Thursday, February 04, 2010

CEI requests a significant percent of all records produced by NASA

Yes, I think that's a little unreasonable of the Competitive Enterprise Institute, and of Chris Horner at CEI (via Dot Earth).  As I've mentioned before, I've both filed FOIA-type requests (the California law equivalents) and responded to them.  The two major requests that I filed were attempts to demonstrate legal violations by the agencies.  We were right both times, and neither required this type of abusive fishing expeditions.

Here's just one part of the request:

1. of all records, documents, internal communications, and other relevant covered
material created by, provided to, received, and or sent by an official or employee
of NASA including but not limited to NASSA GISS, that in any way relate to the,
receipt, handling, processing, or disposition of “Freedom of Information Act,” or
“FOIA” requests;

This request doesn't just mean "give us any FOIA request NASA has received" (since Jan 2000, a slight limitation put on it later in the letter), it means give every document that was ever copied and produced in response to any FOIA request that was previously received.  For every FOIA request in the past ten years that produced thousands of documents and tens of thousands of pages of response, they just asked for each one of those searches to be repeated and copied and given to them.

NASA doesn't really have to give all the records requested by this piece of dreck, if I'm remembering my somewhat dated FOIA law correctly, but it shows the lack of care for taxpayer resources by the makers of the request, and total abuse of taxpayer dollars for other parts of the request that fall, barely, within the legal limit.

The quoted excerpt above is part 1 of a seven-part request.  Parts 2 and possibly 7 are also abusive.  Parts 3 through 6 may be okay, but will require extensive review by scientists and by FOIA officers.  I don't know how many more of these are coming from CEI, but at a certain point, enough is enough.

Might also be worthwhile to mention that once, to avoid a similar fishing expedition and waste of California taxpayer money, we contacted a California agency outside of the FOIA-type process we have here and went through voluntarily-provided documents and information that helped us limit our ultimate request.  I've generally followed a similar practice of asking for information informally first, or offering to negotiate ways to limit the burden of an information request.

CEI just wants to spend taxpayer money.

UPDATE:  Eli points out in the comments that copying costs shouldn't be waived.  CEI's claim to be a scientific organization is a sad joke, and as an educational institution it's just ironic.  CEI should have to pay for anything it gets.

Bonus blogging:  take the Risk Intelligence Test, which estimates whether you can accurately predict the likelihood that you're right or wrong about a factual issue.  I scored 85, apparently "very high", slightly underconfident in my answers.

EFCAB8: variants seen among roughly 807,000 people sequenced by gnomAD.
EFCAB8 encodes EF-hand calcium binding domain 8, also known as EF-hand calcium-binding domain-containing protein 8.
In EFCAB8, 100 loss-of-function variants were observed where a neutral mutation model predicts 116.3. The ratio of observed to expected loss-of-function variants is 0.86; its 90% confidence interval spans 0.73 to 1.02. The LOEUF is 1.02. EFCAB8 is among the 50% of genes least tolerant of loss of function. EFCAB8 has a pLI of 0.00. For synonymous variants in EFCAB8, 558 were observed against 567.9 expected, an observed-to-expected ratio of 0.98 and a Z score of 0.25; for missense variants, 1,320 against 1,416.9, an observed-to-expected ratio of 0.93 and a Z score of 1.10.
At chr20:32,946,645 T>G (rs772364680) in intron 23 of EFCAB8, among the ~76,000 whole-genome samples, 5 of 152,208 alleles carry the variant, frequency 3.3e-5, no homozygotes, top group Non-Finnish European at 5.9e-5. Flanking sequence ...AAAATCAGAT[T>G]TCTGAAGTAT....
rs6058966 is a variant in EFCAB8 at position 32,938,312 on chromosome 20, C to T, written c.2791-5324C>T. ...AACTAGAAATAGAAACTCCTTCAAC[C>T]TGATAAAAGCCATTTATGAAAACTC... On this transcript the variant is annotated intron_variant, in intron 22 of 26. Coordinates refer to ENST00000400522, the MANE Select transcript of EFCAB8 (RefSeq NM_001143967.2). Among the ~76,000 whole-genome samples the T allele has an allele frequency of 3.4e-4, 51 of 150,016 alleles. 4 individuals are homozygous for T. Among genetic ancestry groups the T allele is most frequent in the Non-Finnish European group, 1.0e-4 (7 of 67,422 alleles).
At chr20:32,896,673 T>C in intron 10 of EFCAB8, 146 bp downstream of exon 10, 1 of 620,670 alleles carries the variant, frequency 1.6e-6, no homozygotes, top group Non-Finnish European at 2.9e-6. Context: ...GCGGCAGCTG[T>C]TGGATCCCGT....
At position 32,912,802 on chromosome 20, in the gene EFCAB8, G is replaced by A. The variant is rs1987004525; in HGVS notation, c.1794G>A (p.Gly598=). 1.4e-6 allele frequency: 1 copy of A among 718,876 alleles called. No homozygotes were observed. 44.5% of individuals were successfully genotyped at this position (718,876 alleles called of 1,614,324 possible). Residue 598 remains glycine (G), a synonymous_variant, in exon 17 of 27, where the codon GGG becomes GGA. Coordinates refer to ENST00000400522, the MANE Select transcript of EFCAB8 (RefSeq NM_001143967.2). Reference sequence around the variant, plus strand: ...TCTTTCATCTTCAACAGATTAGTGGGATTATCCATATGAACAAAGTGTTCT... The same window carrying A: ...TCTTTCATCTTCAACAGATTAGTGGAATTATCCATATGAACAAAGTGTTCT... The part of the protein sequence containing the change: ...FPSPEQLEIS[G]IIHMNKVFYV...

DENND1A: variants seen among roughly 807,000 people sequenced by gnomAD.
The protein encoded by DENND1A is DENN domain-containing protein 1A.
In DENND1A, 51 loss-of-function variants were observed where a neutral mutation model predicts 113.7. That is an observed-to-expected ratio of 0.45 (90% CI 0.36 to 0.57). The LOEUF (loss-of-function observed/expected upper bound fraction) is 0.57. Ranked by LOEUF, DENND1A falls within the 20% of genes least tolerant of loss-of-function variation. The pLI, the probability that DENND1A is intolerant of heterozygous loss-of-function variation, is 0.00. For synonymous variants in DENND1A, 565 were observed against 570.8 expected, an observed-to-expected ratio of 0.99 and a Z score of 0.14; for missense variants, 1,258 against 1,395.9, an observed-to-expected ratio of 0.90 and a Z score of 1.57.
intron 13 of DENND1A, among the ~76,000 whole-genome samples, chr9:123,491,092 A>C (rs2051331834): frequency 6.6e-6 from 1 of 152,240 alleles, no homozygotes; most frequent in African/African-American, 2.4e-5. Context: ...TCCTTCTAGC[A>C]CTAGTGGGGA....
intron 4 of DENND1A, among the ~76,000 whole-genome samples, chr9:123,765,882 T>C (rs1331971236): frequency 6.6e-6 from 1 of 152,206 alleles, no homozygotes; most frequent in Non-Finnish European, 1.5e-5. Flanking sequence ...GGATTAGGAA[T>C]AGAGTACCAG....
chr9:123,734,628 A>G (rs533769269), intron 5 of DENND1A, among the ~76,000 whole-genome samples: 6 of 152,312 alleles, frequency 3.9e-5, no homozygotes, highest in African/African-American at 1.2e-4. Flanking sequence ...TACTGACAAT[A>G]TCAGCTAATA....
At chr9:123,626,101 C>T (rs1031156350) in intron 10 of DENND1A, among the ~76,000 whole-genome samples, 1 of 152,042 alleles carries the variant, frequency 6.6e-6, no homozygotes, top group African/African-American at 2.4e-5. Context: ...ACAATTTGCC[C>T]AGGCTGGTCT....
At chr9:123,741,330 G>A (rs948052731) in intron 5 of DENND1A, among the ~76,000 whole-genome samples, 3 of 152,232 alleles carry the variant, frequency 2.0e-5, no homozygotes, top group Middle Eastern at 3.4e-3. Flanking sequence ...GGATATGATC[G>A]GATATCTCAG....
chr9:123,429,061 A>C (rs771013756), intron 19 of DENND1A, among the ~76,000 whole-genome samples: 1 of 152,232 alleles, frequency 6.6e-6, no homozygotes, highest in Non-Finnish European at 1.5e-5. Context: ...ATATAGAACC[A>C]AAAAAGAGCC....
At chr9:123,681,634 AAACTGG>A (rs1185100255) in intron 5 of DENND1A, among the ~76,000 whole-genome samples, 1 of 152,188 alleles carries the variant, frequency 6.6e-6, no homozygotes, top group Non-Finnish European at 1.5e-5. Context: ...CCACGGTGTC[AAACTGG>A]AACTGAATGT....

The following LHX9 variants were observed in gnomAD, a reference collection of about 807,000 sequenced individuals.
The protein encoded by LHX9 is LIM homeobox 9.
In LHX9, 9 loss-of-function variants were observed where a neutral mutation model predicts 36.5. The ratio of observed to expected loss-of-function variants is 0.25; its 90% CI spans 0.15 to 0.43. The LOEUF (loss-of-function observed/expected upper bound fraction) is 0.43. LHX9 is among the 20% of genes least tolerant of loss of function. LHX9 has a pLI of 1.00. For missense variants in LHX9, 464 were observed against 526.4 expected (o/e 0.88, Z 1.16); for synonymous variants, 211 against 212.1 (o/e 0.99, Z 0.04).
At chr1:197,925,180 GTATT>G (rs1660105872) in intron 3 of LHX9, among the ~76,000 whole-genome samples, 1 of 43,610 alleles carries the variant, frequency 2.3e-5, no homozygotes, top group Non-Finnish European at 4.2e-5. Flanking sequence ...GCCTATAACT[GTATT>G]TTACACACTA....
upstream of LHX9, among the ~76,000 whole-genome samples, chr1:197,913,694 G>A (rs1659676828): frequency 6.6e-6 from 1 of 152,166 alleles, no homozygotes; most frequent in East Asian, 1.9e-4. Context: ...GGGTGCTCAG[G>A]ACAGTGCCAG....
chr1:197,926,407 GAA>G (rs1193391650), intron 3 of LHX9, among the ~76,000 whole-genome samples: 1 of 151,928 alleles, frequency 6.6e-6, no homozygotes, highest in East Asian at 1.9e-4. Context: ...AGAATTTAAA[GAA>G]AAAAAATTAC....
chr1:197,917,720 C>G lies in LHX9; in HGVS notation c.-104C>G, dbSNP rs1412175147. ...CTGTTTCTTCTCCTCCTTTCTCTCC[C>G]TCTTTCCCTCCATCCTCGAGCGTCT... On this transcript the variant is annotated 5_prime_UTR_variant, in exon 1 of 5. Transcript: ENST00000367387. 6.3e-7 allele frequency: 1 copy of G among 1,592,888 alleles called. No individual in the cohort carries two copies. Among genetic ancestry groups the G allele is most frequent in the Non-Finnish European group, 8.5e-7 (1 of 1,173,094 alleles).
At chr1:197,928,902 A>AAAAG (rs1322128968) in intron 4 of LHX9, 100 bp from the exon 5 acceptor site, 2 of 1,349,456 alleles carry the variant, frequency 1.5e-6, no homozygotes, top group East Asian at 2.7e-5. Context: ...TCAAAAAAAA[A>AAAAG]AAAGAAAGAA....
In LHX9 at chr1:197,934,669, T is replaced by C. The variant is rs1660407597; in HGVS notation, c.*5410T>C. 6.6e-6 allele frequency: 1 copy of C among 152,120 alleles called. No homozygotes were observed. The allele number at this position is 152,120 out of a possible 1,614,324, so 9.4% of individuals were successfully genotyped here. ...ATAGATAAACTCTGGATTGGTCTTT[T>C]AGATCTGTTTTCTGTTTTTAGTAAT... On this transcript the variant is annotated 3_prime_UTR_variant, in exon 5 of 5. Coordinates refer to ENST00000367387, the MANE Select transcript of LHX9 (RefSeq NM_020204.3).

1. The solution is simple, for abusive FOIAs like this, don't waive the costs and charge the actual costs. Waiving the costs is optional for the agencies, and give them credit they almost always do.

  2. That's amusingly "meta". It's pretty clear what they're getting at - they have a sneaking suspicion that the GISS group has been just as non-responsive as CRU was to reasonable requests - but it's kind of clumsily worded. *If* the organization has been reasonably responsive then (1) is a lot of material. On the other hand, if they've been like CRU, it isn't so much.

  3. Note that if CRU had been responsive to the initial requests for "raw data" from skeptics, they wouldn't now be in a position of having "lost" the raw data, because they could get it back from those who had requested it. So you might think of CEI as doing NASA a favor here, offering to store a backup of all their most-requested data! :-)

    In other news, your comments section is working more reliably for me now. Possibly because I switched to FireFox...

  4. Eli - good point. I think they can only charge copying costs though, not costs of compilation and time spent screening material (not 100% sure about this, but I think it's right). These other costs are much greater than copying costs.

    Glen, by "the organization", you know you're referring to NASA - all of it, for every FOIA request for the last ten years. Responding to a single FOIA request with several thousand pages of documents isn't unusual. I would guess that all of NASA has had between a 500 and several thousand FOIA requests in ten years. CEI wants every document ever produced.

    As for CRU, the "lost" data was paper records from the 1980s that were destroyed/recycled long before the FOI requests arrived (there are apparently some later electronic records that they should've turned over, that's not the "lost" data that still exists at national weather centers).

    Glad comments are working a little better....

  5. Nope, CEI fits into the none of the above category

    5) Other Requesters - Requesters who do not fit into any of the above categories. These requesters are persons who are not commercial, news media, scientific or educational requesters and are required to pay search costs for more than 2 hours and duplication costs for more than 100 pages.

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